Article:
Las personas sin techo o sin hogar son aquellas personas que regularmente necesitan una vivienda fija en donde puedan habitar.  Las personas sin un hogar o techo carecen del poder o de la voluntad de adquirir y mantener una vivienda segura y adecuada, o necesitan un lugar adecuado en donde puedan pernoctar.

Definiciones Técnicas de acuerdo al Departamento de Vivienda y de Desarrollo Urbano de los Estados Unido, United States Department of Housing and Urban Development, HUD

El 5 de Diciembre del 2011, HUD publicó la última definición de personas sin techo o sin hogar, que se hará efectiva el 4 de Enero del 2012.  Hasta ahora HUD había definido a estos individuos, como:

1.       Individuos que carecen de una residencia fia, regular, y adecuada en donde puedan descansar por la noche, o

2.       Como individuos que tienen un lugar en donde puedan permanecer en la noche, pero es:

1.       Un lugar público supervisado o un refugio/albergue especialmente designado a proveer comodidades de vivienda temporales (aquí se incluyen habitaciones hoteleras obtenidos por asistencia pública, refugios  públicos, y viviendas transicionales para personas con problemas de salud mental.

2.       Una institución que provee residencia temporaria a aquellos individuos que van a ser internados en una prisión, centro de salud mental, ú otros, o

3.       Un lugar público o privado no designado o regularmente utilizado a albergar durante la noche a personas.

La última definición dictada por los términos del Decreto de Ayuda Inmediata para personas sin Hogar/SinTecho – Transición Rápida a Vivienda, Homeless Emergency Assistance and Rapid Transition to Housing  –  HEARTH Act es más amplia, consistiendo en cuatro categorías:

Primera – Muy similar a la previa definición, cubre a individuos o familias, quiénes literalmente pernoctan en las entradas de los edificios, parques públicos, refugios/albergues de emergencia, y otros arreglos de vivienda supervisados, incluyendo a hoteles y moteles pagados por organizaciones caritativas o por asistencia del gobierno a familias con bajos ingresos económicos.  También incluye a personas liberadas de instituciones que se quedan sin vivienda y se quedan en esos lugares por 90 días o menos.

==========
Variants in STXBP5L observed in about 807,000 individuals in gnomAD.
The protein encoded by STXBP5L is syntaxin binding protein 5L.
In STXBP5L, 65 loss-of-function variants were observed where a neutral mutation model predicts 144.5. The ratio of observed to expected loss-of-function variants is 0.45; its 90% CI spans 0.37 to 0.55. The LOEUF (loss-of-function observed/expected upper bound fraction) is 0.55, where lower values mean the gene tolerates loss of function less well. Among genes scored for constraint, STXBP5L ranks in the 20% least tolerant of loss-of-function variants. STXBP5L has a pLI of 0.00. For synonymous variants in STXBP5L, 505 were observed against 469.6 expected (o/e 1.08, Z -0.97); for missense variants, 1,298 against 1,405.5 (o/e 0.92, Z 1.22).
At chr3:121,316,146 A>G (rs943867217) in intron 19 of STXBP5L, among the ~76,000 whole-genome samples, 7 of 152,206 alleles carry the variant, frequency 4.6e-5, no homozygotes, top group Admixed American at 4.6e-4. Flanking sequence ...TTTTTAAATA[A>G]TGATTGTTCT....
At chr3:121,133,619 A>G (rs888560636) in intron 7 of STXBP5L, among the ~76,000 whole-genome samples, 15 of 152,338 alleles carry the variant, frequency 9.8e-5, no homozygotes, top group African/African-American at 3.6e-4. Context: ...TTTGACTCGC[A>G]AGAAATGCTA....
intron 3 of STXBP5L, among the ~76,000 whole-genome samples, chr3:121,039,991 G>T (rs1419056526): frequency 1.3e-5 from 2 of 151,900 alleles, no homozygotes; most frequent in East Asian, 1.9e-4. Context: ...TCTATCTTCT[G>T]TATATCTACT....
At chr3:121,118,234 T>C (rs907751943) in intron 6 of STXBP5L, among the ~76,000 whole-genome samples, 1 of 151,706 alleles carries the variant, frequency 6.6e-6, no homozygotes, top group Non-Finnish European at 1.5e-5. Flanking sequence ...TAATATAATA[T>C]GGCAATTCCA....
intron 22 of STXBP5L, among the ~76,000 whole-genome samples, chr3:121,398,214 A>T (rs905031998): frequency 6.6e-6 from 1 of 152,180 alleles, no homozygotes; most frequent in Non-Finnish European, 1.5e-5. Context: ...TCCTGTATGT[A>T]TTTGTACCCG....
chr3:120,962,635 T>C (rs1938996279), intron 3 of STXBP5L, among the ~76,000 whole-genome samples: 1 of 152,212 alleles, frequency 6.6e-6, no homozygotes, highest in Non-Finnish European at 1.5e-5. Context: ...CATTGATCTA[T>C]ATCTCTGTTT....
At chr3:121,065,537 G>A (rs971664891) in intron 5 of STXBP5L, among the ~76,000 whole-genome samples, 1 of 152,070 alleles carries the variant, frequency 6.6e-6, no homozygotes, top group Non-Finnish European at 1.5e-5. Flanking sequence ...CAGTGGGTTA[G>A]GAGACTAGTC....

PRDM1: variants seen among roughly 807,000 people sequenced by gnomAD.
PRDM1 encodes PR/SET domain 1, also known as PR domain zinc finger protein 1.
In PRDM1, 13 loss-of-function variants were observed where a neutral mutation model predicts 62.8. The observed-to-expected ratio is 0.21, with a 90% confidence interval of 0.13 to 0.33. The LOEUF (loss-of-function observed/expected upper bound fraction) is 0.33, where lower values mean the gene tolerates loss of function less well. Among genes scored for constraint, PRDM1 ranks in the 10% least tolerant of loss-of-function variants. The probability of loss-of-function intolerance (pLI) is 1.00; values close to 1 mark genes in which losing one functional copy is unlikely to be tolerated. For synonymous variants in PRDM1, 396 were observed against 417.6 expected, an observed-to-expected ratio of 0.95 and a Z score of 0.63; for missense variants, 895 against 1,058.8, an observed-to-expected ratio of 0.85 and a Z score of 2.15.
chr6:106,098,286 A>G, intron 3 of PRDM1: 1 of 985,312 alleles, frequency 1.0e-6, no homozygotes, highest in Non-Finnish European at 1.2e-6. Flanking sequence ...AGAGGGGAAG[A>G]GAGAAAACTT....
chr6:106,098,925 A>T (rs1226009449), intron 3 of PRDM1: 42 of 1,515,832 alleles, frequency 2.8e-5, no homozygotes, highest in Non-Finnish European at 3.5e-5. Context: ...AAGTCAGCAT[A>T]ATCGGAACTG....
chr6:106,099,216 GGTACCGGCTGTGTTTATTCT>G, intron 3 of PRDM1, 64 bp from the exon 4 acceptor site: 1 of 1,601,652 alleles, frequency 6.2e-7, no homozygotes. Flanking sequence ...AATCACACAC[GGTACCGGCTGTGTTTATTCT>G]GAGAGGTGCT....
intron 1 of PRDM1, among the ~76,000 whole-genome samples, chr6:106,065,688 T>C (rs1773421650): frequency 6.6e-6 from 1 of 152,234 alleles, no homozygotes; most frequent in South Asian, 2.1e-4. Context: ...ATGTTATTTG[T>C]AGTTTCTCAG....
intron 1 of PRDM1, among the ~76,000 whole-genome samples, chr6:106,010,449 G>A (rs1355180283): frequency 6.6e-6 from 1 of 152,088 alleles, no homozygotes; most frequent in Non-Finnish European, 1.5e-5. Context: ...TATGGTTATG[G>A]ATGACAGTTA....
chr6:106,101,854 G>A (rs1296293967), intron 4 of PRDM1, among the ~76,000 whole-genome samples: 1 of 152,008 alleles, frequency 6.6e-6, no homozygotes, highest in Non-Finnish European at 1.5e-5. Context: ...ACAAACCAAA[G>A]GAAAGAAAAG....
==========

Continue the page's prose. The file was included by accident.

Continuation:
La segunda categoría incluye individuos o familias que van a perder sus viviendas en 14 días y aún no han asegurado el siguiente lugar a donde van a vivir y carecen de recursos o apoyo para obtener una vivienda permanente.

La tercera categoría incluye a jóvenes solos (jóvenes definidos como personas menores de 25 años) y a familias con niños, quiénes no son eligibles a ser definidos bajo la definición anterior, pero son considerados personas sin hogar/sin techo bajo otras leyes federales, pero solo si demuestran no haber obtenido un contrato de renta, interés en comprar una vivienda, o algún acuerdo de ocupar una vivienda en los últimos 60 días, se han mudado dos o tres veces durante ese mismo período, y se espera continuen en esa misma situación por un buen períoo debido a discapacidades crónicas, condiciones de salud física o mental crónicas, problemas de addicción, historia de violencia doméstica o abuso durante su niñez, o dos o más obstáculos a obtener un empleo , como historia penitenciaria, o falta de educación.